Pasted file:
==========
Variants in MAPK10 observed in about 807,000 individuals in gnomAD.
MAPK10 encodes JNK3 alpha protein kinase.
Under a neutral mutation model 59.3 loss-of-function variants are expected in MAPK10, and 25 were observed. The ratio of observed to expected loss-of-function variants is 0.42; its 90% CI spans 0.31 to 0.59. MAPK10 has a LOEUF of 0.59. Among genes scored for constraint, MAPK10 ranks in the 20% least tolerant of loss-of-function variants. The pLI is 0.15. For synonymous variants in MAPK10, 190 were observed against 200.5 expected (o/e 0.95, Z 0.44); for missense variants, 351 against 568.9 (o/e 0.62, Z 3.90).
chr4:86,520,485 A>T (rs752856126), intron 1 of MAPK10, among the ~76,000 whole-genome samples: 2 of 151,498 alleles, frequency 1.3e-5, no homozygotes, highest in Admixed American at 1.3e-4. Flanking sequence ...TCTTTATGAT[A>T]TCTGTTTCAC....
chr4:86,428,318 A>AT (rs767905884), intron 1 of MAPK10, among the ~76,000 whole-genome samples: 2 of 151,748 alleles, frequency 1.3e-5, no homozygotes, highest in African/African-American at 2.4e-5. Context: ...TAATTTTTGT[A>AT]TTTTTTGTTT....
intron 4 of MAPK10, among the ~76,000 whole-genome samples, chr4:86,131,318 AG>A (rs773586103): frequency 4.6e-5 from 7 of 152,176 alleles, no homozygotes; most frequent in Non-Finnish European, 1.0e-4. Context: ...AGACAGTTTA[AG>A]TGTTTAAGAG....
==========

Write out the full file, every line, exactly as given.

Variants in MAPK10 observed in about 807,000 individuals in gnomAD.
MAPK10 encodes JNK3 alpha protein kinase.
Under a neutral mutation model 59.3 loss-of-function variants are expected in MAPK10, and 25 were observed. The ratio of observed to expected loss-of-function variants is 0.42; its 90% CI spans 0.31 to 0.59. MAPK10 has a LOEUF of 0.59. Among genes scored for constraint, MAPK10 ranks in the 20% least tolerant of loss-of-function variants. The pLI is 0.15. For synonymous variants in MAPK10, 190 were observed against 200.5 expected (o/e 0.95, Z 0.44); for missense variants, 351 against 568.9 (o/e 0.62, Z 3.90).
chr4:86,520,485 A>T (rs752856126), intron 1 of MAPK10, among the ~76,000 whole-genome samples: 2 of 151,498 alleles, frequency 1.3e-5, no homozygotes, highest in Admixed American at 1.3e-4. Flanking sequence ...TCTTTATGAT[A>T]TCTGTTTCAC....
chr4:86,428,318 A>AT (rs767905884), intron 1 of MAPK10, among the ~76,000 whole-genome samples: 2 of 151,748 alleles, frequency 1.3e-5, no homozygotes, highest in African/African-American at 2.4e-5. Context: ...TAATTTTTGT[A>AT]TTTTTTGTTT....
intron 4 of MAPK10, among the ~76,000 whole-genome samples, chr4:86,131,318 AG>A (rs773586103): frequency 4.6e-5 from 7 of 152,176 alleles, no homozygotes; most frequent in Non-Finnish European, 1.0e-4. Context: ...AGACAGTTTA[AG>A]TGTTTAAGAG....